The Encyclopedia of Me, by Karen Rivers

Aug 18, 2013

The Encyclopedia of Me by Karen Rivers

One sentence review-summary:
I kinda hated this book. Two stars, because some parts were memorable, but the whole thing was frustrating as a whole.

This is the story of Tink’s summer leading up to her eighth-grade year. Written in the style of an encyclopedia and narrated by Tink, who writes it when she is grounded to have something to do, Tink reveals the complex emotions of a young teen.

This book takes place in the present day. The location is not specified.

Main Characters:
Tink Aaron-Martin, a biracial soon-to-be eighth grade girl.
Freddie Blue Anderson, Tink’s Swedish best friend.
Ruth Quayle, an unpopular girl who likes to skateboard and who turns out to be an unlikely friend for Tink.
Kai, the extremely cute boy with blue hair who lives next door to Tink and who skateboards as well.

The friendship between Tink and Freddie Blue is incredibly frustrating. Tink becomes concerned with what BFFs should feel and letting that dictate her emotions. “Freddie Blue is my BFF! I should be happy if she has a boyfriend first! I shouldn’t even care! But I do.” Definitely not a sign of a healthy friendship. Also, I think that Tink idealized Freddie Blue. Examples of this include Tink frequently saying, “Freddie Blue would never do that to me.”
Secondly, for goodness’s sake, Tink! You’re going into eighth grade. You sound like a fifth grader! Subject matter aside, if you add Tink’s personality with a childish love of paperdolls you could easily create a nine-year-old.
I think that Tink’s idea of her role in her household differs from her parents’ and in many ways Tink doesn’t like being labeled. I don’t think that she tried to defy the label but she openly disliked it. She couldn’t help being a Peacemaker. She wished her parents’ expectations were different.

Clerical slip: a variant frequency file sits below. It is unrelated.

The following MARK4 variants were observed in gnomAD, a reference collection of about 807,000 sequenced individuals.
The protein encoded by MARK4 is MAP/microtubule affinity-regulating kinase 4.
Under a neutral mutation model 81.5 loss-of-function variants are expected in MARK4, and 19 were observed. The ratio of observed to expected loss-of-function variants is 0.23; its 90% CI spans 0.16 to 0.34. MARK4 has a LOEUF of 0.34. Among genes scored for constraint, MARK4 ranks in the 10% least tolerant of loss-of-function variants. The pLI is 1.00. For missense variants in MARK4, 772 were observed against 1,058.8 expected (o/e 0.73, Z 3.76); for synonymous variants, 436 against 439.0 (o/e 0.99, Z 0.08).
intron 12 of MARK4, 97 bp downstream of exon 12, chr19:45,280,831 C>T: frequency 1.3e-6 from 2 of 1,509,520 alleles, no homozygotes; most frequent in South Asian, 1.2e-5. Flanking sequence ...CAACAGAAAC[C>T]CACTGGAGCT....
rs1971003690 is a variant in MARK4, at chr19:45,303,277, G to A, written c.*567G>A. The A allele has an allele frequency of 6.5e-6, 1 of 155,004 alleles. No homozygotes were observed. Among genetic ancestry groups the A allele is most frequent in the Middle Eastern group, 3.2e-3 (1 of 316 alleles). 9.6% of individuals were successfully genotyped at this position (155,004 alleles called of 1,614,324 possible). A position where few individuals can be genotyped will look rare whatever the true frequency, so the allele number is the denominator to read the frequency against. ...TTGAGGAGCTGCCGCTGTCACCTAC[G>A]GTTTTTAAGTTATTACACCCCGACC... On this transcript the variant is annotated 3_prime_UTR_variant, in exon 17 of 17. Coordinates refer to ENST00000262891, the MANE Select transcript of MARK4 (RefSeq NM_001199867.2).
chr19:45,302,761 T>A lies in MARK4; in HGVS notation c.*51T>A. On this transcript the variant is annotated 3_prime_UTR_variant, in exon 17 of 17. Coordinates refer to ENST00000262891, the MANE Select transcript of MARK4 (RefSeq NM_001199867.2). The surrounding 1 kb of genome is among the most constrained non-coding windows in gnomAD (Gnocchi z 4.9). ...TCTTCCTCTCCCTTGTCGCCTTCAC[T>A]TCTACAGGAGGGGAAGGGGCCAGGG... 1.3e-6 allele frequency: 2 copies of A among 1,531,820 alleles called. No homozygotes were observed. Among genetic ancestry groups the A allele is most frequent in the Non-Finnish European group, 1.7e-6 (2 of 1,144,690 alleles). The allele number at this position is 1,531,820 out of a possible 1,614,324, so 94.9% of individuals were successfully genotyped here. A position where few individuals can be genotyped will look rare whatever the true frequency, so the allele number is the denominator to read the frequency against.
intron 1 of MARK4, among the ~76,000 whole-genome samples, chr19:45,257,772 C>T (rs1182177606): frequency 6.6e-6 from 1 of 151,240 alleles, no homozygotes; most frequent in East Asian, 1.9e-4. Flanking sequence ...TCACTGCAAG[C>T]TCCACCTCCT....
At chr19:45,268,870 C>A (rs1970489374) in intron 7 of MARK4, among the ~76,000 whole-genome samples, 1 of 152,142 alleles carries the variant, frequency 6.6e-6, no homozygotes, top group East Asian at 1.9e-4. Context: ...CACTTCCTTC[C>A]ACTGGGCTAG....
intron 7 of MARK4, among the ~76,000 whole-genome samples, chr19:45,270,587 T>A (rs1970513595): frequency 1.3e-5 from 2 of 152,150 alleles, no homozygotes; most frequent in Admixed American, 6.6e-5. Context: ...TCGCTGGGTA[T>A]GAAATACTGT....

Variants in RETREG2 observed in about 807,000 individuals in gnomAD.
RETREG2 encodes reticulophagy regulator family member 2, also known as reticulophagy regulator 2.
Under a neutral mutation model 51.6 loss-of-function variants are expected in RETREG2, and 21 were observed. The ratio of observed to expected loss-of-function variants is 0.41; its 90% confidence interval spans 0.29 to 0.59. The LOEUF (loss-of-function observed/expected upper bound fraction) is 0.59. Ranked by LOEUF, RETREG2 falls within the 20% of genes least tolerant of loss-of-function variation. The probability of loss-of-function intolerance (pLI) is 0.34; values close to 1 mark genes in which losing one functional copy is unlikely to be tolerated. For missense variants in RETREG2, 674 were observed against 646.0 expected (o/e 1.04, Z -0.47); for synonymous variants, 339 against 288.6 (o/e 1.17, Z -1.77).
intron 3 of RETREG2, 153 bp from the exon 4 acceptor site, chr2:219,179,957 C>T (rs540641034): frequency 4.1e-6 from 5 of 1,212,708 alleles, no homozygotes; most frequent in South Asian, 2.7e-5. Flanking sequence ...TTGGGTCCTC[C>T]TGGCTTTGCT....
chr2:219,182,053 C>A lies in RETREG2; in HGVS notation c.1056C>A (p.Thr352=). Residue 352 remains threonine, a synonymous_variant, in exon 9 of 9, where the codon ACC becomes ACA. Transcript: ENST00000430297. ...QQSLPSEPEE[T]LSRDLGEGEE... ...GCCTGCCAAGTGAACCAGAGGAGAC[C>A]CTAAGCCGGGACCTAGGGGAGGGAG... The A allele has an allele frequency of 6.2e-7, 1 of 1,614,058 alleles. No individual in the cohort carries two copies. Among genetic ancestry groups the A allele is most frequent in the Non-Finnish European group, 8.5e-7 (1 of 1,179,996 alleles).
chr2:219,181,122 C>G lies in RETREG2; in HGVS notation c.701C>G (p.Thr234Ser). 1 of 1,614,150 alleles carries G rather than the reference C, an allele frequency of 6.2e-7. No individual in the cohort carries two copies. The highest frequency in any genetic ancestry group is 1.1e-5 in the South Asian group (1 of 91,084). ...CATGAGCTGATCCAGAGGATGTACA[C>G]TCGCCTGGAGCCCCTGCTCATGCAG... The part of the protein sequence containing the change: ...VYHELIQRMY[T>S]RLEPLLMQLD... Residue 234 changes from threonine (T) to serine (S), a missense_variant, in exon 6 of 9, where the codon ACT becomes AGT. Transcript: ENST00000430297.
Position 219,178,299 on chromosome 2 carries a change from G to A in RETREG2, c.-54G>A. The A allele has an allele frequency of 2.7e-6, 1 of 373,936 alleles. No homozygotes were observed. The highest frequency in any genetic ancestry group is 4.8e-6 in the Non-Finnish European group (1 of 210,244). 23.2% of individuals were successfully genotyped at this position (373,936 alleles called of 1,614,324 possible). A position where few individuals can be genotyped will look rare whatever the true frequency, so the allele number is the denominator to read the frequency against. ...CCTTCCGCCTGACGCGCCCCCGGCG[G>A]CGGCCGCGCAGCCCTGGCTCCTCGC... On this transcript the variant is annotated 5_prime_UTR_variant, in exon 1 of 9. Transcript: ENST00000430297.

Tink’s decision to switch to Isadora is ironic, in a way. When she was four, Tink probably begged to be called Tink, yet nine years later, she says, “You shouldn’t let a four year old choose her own name!” But she has a new identity now. That’s great. Obviously, frequent identity changes can be a problem (hint hint Mclean from “What Happened to Goodbye” by Sarah Dessen). But for Tink it’s actually healthy, like a breath of fresh air.
So while I had been very excited about reading this book initially, it fell flat for me.
Also the constant footnotes were SO annoying. Many times I would miss the note, only to find a parade of small text at the bottom, and the I would search and search for the note.
The whole “I’m writing an encyclopedia about my life so I can get famous” thing kinda failed to be honest. At times Tink says completely out of line things like “Don’t tell ___ I said that,” etc. If she actually plans on publishing it, which she constantly assures us of, then those people, like Lex or Freddie Blue, would probably know anyway.
I feel as if Rivers did not flesh out the characters much as far as appearances go; that, or she is under the false impression that soon to be eighth grade girls wouldn’t want to describe people. Quite the opposite! I am going into seventh grade but I know some people who are a grade older anyhow. I honestly don’t know what Freddie Blue looks like, besides that she is Swedish and has “expensive gold streaks in her hair.”
I don’t think Tink is like any other black girl I’ve known. If not for the parts where she talks about about her afro and her father, I would have thought she was a white girl. With all due respect, Ms. Rivers, you cannot just add an ‘interesting’ heritage to an otherwise Plain Jane character and just expect it to work! Tink has got to have a voice!
Besides having blue hair, what doe Kai look like? Even if Tink knew little about him, she would certainly be able to describe him, especially after mooning over him!
We don’t know much about Seb except that he has autism and therefore gets to do anything he likes. Tink is therefore understandably jealous.  Her jealousy may be understandable, but it definitely isn’t excusable, and he ‘he gets everything easy, why can’t I’ attitude just further proves how immature she is.


I would recommend this book to teen girls with a taste for drama.